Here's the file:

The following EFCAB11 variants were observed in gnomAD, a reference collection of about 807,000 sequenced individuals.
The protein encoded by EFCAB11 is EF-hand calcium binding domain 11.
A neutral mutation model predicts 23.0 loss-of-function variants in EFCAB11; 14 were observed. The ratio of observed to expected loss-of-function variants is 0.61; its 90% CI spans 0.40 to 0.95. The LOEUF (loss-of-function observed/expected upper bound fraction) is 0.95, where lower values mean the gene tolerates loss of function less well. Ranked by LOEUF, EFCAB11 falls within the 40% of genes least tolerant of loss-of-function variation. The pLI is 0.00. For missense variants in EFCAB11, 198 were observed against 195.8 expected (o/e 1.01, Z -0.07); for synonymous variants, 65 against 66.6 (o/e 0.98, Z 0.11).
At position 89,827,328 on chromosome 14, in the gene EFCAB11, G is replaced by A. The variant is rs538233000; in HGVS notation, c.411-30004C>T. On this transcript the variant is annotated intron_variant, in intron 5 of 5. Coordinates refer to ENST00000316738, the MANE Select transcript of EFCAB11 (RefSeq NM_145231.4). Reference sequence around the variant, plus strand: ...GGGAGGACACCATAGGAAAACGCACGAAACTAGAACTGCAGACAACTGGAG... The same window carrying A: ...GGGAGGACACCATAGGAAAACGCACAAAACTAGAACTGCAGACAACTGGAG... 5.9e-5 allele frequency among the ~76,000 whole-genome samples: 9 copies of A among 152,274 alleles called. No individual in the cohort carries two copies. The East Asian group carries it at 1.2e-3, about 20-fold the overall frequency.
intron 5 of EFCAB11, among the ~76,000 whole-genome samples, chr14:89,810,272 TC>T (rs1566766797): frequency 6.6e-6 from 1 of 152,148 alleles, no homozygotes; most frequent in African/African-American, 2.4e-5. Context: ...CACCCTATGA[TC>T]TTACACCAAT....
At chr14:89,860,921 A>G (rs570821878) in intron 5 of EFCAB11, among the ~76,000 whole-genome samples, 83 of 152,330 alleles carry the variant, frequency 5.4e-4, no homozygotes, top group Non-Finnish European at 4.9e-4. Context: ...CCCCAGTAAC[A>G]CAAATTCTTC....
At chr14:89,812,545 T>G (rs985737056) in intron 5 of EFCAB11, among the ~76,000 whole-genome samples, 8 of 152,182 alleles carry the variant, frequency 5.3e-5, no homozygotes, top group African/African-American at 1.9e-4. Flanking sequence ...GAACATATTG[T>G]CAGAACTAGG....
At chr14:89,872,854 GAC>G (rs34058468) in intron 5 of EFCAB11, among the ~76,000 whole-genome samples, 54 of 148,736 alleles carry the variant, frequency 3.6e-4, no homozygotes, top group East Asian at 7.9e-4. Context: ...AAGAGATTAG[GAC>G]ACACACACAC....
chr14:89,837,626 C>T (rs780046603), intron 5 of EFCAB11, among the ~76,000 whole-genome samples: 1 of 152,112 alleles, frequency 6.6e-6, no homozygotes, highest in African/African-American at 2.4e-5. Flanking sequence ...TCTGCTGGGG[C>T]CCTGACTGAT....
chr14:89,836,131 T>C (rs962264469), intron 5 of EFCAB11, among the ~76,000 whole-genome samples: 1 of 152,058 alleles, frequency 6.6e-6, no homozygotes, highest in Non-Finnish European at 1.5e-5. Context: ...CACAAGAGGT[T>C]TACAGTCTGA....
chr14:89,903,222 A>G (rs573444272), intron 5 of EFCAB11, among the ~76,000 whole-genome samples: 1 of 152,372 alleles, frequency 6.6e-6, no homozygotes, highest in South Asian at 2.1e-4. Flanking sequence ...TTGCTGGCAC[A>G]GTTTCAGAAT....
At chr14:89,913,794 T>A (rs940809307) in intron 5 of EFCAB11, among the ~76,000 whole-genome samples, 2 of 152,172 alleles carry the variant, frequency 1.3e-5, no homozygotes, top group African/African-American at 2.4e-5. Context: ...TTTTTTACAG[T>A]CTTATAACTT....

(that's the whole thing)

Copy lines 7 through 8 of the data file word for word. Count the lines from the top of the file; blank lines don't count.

At chr14:89,812,545 T>G (rs985737056) in intron 5 of EFCAB11, among the ~76,000 whole-genome samples, 8 of 152,182 alleles carry the variant, frequency 5.3e-5, no homozygotes, top group African/African-American at 1.9e-4. Flanking sequence ...GAACATATTG[T>G]CAGAACTAGG....
At chr14:89,872,854 GAC>G (rs34058468) in intron 5 of EFCAB11, among the ~76,000 whole-genome samples, 54 of 148,736 alleles carry the variant, frequency 3.6e-4, no homozygotes, top group East Asian at 7.9e-4. Context: ...AAGAGATTAG[GAC>G]ACACACACAC....